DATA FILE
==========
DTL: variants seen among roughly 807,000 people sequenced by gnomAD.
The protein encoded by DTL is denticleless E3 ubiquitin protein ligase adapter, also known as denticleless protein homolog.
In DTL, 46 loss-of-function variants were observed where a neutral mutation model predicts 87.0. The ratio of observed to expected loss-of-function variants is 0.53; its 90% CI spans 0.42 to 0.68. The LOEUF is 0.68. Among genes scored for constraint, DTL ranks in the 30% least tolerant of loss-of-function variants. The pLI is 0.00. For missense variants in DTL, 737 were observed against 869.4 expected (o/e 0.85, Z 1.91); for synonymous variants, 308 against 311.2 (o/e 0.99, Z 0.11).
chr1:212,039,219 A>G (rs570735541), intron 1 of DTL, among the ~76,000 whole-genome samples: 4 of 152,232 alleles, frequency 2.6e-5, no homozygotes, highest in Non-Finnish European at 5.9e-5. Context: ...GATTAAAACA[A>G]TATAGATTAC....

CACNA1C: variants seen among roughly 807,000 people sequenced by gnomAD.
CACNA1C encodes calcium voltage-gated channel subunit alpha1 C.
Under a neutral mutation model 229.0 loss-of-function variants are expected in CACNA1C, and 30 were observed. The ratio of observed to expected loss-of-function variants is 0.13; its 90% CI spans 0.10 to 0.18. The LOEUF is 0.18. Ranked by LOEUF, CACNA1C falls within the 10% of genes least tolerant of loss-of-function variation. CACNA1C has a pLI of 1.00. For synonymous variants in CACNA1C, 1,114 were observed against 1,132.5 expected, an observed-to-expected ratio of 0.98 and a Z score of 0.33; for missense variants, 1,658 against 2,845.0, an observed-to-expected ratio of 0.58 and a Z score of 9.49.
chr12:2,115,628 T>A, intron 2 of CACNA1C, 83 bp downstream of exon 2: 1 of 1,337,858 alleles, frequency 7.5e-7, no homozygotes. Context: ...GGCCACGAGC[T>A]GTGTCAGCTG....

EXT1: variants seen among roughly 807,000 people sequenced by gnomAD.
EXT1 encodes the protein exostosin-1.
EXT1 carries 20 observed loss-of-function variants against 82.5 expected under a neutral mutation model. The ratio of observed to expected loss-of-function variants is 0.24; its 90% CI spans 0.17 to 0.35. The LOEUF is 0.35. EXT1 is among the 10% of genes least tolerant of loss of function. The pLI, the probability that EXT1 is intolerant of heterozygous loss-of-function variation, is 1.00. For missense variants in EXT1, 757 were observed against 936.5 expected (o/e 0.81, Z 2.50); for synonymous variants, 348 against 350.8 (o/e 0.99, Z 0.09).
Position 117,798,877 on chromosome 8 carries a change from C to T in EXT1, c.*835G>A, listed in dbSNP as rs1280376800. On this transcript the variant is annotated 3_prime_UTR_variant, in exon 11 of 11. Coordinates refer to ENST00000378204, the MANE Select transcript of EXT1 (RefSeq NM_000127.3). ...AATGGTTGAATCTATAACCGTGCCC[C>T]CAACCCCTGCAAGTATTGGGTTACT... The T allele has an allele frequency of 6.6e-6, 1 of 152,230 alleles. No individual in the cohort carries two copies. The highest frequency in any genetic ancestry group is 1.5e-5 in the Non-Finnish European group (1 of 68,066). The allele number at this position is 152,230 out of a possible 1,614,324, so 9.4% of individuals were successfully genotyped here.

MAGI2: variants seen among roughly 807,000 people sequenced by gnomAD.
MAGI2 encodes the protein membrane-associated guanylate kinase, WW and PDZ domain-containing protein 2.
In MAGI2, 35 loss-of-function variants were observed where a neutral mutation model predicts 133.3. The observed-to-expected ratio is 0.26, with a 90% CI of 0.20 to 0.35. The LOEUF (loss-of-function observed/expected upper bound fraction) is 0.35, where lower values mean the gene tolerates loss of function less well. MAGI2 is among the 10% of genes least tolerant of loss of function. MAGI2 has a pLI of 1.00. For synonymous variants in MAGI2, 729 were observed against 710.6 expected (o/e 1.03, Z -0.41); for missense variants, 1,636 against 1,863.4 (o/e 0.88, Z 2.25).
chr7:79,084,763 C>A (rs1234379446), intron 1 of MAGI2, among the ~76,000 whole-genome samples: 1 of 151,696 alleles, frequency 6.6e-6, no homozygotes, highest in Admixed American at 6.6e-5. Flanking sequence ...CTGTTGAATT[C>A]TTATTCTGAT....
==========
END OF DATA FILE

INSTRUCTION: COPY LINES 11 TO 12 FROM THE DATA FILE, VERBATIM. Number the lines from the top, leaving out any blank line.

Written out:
EXT1 carries 20 observed loss-of-function variants against 82.5 expected under a neutral mutation model. The ratio of observed to expected loss-of-function variants is 0.24; its 90% CI spans 0.17 to 0.35. The LOEUF is 0.35. EXT1 is among the 10% of genes least tolerant of loss of function. The pLI, the probability that EXT1 is intolerant of heterozygous loss-of-function variation, is 1.00. For missense variants in EXT1, 757 were observed against 936.5 expected (o/e 0.81, Z 2.50); for synonymous variants, 348 against 350.8 (o/e 0.99, Z 0.09).
Position 117,798,877 on chromosome 8 carries a change from C to T in EXT1, c.*835G>A, listed in dbSNP as rs1280376800. On this transcript the variant is annotated 3_prime_UTR_variant, in exon 11 of 11. Coordinates refer to ENST00000378204, the MANE Select transcript of EXT1 (RefSeq NM_000127.3). ...AATGGTTGAATCTATAACCGTGCCC[C>T]CAACCCCTGCAAGTATTGGGTTACT... The T allele has an allele frequency of 6.6e-6, 1 of 152,230 alleles. No individual in the cohort carries two copies. The highest frequency in any genetic ancestry group is 1.5e-5 in the Non-Finnish European group (1 of 68,066). The allele number at this position is 152,230 out of a possible 1,614,324, so 9.4% of individuals were successfully genotyped here.